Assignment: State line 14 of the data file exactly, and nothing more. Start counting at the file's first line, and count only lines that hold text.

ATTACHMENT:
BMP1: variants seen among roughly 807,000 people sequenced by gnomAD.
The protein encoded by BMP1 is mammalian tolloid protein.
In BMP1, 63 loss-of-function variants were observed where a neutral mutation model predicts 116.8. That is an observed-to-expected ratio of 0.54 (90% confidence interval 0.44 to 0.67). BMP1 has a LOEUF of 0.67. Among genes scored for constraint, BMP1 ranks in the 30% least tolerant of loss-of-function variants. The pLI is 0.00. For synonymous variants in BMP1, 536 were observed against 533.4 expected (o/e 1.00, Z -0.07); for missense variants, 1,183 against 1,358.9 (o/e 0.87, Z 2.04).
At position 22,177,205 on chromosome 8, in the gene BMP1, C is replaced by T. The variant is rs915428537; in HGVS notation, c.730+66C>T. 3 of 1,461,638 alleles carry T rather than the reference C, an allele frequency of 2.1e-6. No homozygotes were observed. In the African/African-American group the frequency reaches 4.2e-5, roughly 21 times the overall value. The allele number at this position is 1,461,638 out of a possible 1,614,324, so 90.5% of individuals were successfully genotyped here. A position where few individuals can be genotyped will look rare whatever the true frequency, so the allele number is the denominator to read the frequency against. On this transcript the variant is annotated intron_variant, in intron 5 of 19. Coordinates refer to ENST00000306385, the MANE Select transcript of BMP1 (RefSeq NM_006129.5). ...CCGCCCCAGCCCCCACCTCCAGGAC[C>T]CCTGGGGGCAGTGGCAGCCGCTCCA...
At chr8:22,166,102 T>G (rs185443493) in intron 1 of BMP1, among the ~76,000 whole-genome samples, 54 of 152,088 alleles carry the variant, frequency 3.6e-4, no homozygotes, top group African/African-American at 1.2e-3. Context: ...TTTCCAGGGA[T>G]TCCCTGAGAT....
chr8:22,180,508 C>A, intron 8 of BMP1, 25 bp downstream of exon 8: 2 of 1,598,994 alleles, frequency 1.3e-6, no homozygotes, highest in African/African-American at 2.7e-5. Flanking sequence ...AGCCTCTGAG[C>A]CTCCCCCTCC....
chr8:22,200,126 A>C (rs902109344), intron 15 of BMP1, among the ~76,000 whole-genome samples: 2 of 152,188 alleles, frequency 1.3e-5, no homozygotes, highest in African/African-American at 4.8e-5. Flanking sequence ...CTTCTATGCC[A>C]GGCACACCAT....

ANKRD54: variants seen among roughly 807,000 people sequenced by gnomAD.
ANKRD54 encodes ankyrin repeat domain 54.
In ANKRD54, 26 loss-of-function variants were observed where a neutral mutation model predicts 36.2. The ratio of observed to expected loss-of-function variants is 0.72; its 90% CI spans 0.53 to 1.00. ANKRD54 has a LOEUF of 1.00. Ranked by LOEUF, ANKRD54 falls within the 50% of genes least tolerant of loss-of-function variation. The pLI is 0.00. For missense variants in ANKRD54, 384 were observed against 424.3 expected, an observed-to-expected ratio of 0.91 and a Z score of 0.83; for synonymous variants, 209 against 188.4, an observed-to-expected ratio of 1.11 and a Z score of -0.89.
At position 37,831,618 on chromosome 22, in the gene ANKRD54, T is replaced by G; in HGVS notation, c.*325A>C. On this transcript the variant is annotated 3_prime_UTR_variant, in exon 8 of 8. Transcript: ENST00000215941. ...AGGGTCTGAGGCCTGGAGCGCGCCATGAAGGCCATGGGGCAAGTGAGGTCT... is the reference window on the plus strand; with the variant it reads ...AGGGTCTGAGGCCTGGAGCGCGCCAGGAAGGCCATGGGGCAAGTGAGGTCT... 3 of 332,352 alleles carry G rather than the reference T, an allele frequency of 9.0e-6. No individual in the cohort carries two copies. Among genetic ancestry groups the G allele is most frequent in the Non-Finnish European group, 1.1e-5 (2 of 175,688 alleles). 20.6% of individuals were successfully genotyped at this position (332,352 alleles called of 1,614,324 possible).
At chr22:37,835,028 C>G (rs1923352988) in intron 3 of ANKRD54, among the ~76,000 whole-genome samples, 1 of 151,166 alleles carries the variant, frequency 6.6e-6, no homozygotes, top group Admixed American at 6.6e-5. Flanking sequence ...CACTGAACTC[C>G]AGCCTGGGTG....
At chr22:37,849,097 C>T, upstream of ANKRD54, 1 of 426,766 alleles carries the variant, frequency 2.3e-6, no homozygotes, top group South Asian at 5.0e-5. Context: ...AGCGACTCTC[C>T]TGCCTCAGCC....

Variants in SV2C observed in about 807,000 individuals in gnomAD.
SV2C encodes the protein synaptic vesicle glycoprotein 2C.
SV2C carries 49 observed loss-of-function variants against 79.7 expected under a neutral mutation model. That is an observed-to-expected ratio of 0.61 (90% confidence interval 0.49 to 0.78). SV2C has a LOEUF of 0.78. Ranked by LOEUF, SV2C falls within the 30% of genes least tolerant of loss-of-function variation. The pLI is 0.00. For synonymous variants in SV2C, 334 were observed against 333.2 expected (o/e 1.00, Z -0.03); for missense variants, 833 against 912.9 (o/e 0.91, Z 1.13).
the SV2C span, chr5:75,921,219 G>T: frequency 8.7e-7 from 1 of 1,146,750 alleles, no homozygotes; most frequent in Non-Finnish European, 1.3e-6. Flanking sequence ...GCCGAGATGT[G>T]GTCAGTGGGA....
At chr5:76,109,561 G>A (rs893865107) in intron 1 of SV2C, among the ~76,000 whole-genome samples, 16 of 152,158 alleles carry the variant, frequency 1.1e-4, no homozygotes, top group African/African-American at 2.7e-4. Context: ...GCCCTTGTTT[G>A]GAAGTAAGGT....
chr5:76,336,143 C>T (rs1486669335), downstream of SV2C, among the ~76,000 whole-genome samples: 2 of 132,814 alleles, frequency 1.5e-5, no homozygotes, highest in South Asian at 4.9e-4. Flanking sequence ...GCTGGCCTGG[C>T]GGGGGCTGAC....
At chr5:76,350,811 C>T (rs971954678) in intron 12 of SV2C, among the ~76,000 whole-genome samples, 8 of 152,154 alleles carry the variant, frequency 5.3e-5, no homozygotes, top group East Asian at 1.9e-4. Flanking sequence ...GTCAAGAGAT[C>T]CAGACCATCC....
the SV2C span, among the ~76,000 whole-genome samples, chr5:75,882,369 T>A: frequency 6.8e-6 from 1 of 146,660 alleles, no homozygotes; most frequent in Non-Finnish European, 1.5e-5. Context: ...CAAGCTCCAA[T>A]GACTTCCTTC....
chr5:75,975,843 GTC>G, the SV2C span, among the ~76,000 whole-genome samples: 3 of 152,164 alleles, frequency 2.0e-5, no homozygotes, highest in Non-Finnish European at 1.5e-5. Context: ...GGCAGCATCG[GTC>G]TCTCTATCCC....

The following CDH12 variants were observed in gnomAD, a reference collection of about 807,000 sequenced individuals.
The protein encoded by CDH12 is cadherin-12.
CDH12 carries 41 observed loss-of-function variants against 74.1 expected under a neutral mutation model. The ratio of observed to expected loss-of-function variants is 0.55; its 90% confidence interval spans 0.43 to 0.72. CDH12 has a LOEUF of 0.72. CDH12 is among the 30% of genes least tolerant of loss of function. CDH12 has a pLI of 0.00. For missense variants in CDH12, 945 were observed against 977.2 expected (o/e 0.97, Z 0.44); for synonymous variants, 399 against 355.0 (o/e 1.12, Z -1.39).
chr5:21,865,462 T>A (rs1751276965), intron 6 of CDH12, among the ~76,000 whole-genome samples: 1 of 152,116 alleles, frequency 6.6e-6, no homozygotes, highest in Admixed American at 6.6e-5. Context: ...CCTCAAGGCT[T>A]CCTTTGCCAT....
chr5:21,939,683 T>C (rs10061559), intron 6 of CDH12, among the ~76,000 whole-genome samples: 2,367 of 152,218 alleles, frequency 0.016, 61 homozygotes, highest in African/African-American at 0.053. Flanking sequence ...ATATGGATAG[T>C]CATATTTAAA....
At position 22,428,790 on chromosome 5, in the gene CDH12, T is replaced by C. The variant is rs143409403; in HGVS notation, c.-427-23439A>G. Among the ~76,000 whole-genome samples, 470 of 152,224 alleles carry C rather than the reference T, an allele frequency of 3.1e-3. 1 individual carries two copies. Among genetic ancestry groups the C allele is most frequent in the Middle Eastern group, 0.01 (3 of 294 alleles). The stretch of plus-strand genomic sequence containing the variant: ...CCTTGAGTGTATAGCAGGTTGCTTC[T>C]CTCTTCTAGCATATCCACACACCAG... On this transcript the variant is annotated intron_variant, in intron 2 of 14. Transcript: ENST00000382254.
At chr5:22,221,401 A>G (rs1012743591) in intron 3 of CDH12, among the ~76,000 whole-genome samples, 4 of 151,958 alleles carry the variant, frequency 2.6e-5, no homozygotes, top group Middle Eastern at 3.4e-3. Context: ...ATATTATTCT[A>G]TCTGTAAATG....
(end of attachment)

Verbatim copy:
Variants in SV2C observed in about 807,000 individuals in gnomAD.